How to Repair and Update Broken Cane Chairs
Posted By
Larissa Haynes
/
Tuesday, May 21, 2019
Cost
Low
Experience
Newbie
Time
Medium
Materials Needed: 
  • Super Finish Max Extra with Blue Tip
  • Medium Spray Shelter
  • Chairs
  • DIY furniture turn table (optional)
  • Primer
  • Paint
  • Upholstery
  • Stapler/staples
  • Glue gun/glue sticks
  • Respirator
  • Eye and ear protection
Before 
After 

Project Steps

Intro

Maybe you have anitque or vintage chairs with caning in them or just plain have a set that needs refreshed. In either case, you can update and refresh your chairs with this DIY tutorial and the right tools. It's easy, affordable, and can be done in a day. Follow along to see how.

Step 1

It's often that I will be on the hunt for a chair to pair with a piece (like a desk or vanity) and I can't find one to save me. However, it's always often that as soon as I need one I find a pair. ahem. That's what happened when I came upon this duo set out of the curb along with many other choice furniture items. Isn't that the haul of the century? I love city spring clean-up!  I've been working through this stash and you can see my other end results over HERE on my blog.

Step 2

For today, I'm all about restoring and refreshing this antique pair of caned back chairs. As you can see, both backs are broken, but the rest of the chair is sturdy and fine. There's no need to toss them out, but rather give them new life. While I could have repaired the cane, I realize not everyone has the ability to do such repair work. So, instead, I thought I would show you what you can do with that empty cane space.

Step 3

First, I used my putty knite to remove as much of the caning as possible. It will break off easily and then we can move onto the next preparation steps. Also, I could have filled in the caning remnant with wood filler and sanded smooth and just painted. However, I'm choosing to go the upholstery route.

Step 4

Next, I use sandpaper to knock down any damage that I see, like the legs, and also give the old finish a bit of tooth for my next steps. Paint is not always necessary, but I wanted a complete new look. I had hoped to set up my Medium Spray Shelter outside, but the winds were just too much. However, the shelter also works well for indoor projects as seen here in my Faux Map Cabinet video tutorial. I set up the chairs on my DIY Furniture Turn Table (get the tutorial HERE)

I have my favorite HomeRight Super Finish Max set up to apply the stain-blocking primer. This part is crucial if you are dealing with a mahogany or cherry stain as it will bleed through your paint. My sprayer is set up with the blue tip and black nozzle which is perfect for my application. You can see my video tutorial how to set up the sprayer in this post.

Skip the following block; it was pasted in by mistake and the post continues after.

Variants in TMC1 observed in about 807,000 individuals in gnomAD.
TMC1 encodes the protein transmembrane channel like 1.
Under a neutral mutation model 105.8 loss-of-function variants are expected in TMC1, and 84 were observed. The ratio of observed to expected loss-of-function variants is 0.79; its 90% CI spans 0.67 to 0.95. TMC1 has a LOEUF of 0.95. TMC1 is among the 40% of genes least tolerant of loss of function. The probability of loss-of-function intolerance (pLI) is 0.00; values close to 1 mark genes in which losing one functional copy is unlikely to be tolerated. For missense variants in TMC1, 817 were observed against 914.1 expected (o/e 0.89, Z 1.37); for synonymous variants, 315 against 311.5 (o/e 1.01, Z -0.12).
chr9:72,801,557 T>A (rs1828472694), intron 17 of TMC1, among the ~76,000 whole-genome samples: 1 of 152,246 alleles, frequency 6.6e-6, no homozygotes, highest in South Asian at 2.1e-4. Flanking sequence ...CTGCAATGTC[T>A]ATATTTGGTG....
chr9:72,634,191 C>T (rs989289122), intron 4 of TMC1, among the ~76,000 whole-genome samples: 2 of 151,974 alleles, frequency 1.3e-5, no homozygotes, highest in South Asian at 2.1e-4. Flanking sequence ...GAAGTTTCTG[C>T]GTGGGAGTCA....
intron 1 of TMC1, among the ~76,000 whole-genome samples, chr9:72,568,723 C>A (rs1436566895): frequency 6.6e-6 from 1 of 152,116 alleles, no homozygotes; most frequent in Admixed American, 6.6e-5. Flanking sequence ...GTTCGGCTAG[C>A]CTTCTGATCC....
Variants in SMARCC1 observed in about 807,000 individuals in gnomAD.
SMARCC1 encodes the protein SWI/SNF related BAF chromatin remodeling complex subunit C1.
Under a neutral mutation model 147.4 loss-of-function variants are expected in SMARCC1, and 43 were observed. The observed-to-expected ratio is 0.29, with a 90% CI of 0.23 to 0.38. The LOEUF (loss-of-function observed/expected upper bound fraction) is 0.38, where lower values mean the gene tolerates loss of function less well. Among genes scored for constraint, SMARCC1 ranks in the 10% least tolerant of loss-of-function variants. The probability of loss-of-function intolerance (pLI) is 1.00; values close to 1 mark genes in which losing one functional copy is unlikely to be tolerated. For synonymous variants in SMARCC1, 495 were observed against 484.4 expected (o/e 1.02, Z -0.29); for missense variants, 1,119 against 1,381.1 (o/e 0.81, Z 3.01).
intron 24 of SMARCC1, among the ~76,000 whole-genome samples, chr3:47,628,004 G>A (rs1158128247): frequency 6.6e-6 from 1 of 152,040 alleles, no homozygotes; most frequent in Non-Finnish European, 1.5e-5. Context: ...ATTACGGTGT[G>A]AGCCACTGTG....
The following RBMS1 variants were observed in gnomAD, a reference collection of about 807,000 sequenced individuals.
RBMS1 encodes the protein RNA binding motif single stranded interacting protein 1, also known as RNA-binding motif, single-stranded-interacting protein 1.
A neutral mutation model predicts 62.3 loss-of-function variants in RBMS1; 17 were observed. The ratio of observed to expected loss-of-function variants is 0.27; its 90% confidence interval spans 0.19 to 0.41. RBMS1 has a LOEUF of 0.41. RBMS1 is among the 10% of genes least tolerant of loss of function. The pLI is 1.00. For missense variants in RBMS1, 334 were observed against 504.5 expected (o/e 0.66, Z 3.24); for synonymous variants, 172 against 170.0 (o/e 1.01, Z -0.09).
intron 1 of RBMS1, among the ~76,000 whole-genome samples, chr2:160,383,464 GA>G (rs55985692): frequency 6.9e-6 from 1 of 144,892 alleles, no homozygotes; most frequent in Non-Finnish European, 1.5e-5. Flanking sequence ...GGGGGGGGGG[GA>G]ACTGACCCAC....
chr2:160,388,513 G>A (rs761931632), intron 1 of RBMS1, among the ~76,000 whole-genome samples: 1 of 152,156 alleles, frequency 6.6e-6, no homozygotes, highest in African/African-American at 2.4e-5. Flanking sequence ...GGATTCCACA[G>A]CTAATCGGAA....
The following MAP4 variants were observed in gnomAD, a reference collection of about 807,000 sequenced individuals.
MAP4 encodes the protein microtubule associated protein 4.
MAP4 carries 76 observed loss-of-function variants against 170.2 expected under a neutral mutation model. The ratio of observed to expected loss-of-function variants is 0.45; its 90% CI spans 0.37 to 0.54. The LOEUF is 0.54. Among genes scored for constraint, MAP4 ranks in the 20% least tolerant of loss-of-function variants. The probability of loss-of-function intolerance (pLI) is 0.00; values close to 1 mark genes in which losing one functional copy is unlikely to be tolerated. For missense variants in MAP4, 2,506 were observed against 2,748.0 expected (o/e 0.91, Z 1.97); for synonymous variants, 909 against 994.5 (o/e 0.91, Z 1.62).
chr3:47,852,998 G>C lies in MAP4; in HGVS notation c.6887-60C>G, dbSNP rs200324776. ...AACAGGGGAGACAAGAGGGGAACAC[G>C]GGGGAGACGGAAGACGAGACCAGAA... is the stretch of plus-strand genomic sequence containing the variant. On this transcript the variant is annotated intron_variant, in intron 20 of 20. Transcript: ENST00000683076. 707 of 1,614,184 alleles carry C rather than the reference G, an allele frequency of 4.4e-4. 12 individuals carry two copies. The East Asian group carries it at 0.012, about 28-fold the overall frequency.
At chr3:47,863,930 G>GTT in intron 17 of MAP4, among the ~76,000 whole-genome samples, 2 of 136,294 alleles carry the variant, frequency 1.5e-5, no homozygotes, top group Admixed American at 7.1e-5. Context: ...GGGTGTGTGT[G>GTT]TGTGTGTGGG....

Step 5

Once my primer had cured, the weather finally let up so I could move outdoors. After I cleaned the sprayer from primer I sprayed my first coat of basic latex paint. Note: you should clean the sprayer after each type of product you use, or if you need to wait longer than 20 minutes between coats.  I waited two hours for the first coat to cure, and then applied a second coat. 

Step 6

Once the paint cured, I use a homemade glazing to give depth to the turnings of the chairs, since I'm after an aged appeal. You can make your own glaze with 1 cup latex paint to 1/4 teaspoon water. Brush on the glaze, and then wipe off excess with a damp cloth leaving as much glazing behind as you desire. See the unglazed on the left and the glazed on the right?

Step 7

Next up is upholstery. Again, this design is totally up to your taste. I prefer a farmhouse style for my own home, so I used my stapler and gray ticking fabric to line the back side of the chair back. That way you would see the ticking from behind.

Step 8

After our upholstery backing is in, it's time for adding webbing and batting using our stapler. The key to this is to make it taught so it will support a person's back. Notice how each piece is woven over and under. On top of the webbing, we add plenty of batting to fill in the cavity and then some to that when we add our top upholstery it's nice and cushy.

Step 9

Last, but not least, I added a Faux Grain Sack Stencil to a few pieces of twill for my backing. Then, I topped the grain sack upholstery with gimp and glued in place with my hot glue gun. I also had to cut new seats from plywood and covered those in new foam, batting, and linen up holstery. The chairs are now done and ready for a great many more years of service in home decor.

Step 10

My goal is to inspire you to see past the broken and latch on to the potential found in these quality pieces. Most often they just need some love, and certainly having the right tools and know-how helps. The HomeRight tools are prefect for making that happen. Feel free to ask me any questions. I do hope you will come pay me a visit and check out my other pieces redone in this haul over at my blog, Prodigal Pieces. Until next time!

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